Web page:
Interview with Janna Malamud Smith on CarolineLeavittville

Excerpt: “Why call art an errand? Can you talk about that? Actually, it’s not simply an errand, but an absorbing errand. isn’t that a great phrase? It’s from an early Henry James novel. Here’s the quotation: “True happiness, we are told, consists in getting out of one’s self, but the point is not only to get out – you must stay out and to stay out you must have some absorbing errand”  In my book I suggest  that life is more meaningful for many of us when we pursue an absorbing errand – like writing, painting, playing an instrument, or mastering some complex craft; and I explore the emotions that interfere with people’s ability to stay with the process long enough to get good at what they do. While we think of art making as introspective, and it certainly is, it also pulls us outside ourselves toward the world. It gives us a way to possess the world – thus it becomes an absorbing errand.” For the full interview, click...

Review of An Absorbing Errand on Psychology Today

Excerpt: “What I like about Smith’s book is that her ideas and suggestions are placed in context, using analogies from common activities in our lives. We are not told to stick to our art or craft by “just doing it.” Rather, we are shown how she pursues her own art—writing—as well as how she feels when she is doing it, how artists and craftsmen of all kinds create and achieve mastery, and how various writers and psychologists describe what’s happening when such effort is being made.” For the full review, click...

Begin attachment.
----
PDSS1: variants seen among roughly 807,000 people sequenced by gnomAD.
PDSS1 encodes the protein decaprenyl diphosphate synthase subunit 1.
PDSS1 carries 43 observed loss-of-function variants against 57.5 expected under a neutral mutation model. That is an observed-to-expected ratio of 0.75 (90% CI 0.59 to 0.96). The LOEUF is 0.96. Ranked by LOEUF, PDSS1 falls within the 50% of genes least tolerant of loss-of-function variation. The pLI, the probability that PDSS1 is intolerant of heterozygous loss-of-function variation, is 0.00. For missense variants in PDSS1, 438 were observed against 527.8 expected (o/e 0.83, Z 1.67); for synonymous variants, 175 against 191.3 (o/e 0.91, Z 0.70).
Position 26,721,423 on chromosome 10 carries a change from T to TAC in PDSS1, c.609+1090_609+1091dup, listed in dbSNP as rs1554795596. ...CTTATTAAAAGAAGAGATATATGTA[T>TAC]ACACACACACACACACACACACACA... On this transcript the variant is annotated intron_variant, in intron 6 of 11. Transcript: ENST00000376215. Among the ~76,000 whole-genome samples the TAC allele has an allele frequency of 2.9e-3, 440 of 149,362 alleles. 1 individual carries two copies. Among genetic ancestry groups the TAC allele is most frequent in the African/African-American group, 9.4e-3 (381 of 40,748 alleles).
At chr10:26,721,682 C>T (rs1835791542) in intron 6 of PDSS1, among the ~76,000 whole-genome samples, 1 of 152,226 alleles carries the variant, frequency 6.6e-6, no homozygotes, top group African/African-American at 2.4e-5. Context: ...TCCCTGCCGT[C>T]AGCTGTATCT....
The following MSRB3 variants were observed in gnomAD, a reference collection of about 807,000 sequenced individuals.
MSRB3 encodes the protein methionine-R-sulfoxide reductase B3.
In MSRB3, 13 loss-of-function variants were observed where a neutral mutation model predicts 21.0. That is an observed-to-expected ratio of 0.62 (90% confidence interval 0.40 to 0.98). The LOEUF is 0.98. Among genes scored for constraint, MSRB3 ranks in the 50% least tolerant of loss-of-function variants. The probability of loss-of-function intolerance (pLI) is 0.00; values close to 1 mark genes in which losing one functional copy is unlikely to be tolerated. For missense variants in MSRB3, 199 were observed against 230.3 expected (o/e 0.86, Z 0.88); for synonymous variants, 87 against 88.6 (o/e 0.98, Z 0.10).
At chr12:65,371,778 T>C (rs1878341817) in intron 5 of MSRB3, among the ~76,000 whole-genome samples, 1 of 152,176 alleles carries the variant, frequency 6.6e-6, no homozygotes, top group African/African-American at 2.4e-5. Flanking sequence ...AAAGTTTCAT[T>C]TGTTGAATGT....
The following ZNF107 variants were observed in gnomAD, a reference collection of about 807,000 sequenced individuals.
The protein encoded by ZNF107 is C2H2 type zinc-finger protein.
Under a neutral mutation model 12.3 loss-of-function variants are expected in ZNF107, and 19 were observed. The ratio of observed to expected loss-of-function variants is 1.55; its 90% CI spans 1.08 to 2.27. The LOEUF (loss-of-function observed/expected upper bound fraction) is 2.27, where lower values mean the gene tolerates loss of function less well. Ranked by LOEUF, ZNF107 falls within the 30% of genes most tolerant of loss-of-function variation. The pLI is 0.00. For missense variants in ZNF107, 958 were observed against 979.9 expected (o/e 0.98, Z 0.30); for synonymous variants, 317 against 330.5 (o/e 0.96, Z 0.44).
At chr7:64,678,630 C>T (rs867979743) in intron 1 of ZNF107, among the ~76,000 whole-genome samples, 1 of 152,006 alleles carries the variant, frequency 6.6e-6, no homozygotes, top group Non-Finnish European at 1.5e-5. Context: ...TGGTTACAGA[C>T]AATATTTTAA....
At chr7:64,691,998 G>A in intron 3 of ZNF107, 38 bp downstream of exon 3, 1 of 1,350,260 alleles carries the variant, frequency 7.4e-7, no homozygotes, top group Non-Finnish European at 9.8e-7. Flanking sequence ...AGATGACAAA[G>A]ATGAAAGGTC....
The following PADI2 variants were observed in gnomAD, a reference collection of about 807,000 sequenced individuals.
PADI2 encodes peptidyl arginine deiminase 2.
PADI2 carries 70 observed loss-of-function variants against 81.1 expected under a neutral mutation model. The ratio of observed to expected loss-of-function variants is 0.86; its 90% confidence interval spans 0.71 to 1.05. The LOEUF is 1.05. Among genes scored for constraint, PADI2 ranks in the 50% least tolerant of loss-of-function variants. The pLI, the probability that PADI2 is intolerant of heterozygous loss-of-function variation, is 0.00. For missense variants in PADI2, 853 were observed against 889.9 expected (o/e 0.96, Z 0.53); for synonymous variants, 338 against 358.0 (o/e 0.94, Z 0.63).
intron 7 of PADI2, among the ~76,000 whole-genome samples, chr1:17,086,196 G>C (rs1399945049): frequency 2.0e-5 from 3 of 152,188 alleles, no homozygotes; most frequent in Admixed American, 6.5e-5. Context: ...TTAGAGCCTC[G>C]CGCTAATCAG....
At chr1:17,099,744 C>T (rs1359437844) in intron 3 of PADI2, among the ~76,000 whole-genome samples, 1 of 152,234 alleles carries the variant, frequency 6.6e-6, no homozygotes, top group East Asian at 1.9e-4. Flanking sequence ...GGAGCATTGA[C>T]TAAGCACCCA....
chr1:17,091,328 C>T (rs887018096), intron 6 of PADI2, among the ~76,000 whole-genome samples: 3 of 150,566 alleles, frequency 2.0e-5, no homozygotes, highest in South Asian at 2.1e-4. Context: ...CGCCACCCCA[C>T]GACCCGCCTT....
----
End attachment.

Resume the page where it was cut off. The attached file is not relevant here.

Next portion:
Q&A With Writer Janna Malamud Smith on W³ Sidecar

Excerpt: 1. Why do words matter? Words matter to me because they let me get my mind around – and then communicate to others – feelings, thoughts, images, and scenes that otherwise would stay inchoate; and few things in life seem quite so urgent or compelling to me as this process of naming and saying. I’m a psychotherapist as well as a writer, and I have witnessed how when people find ways to attach words to their most private and painful experiences, they stop feeling so alone and desperate. Without words, how would we have any chance of understanding another person’s perspective? But don’t take my word for the value of words. Just reread this first stanza of Wallace Stevens’ Thirteen Ways of Looking at a Blackbird. Spare, yet powerful; conveying a moment that would otherwise be incommunicable: Among twenty snowy mountains, The only moving thing Was the eye of the blackbird. To read the full Q&A session, click here: w3sidecar.tumblr.com...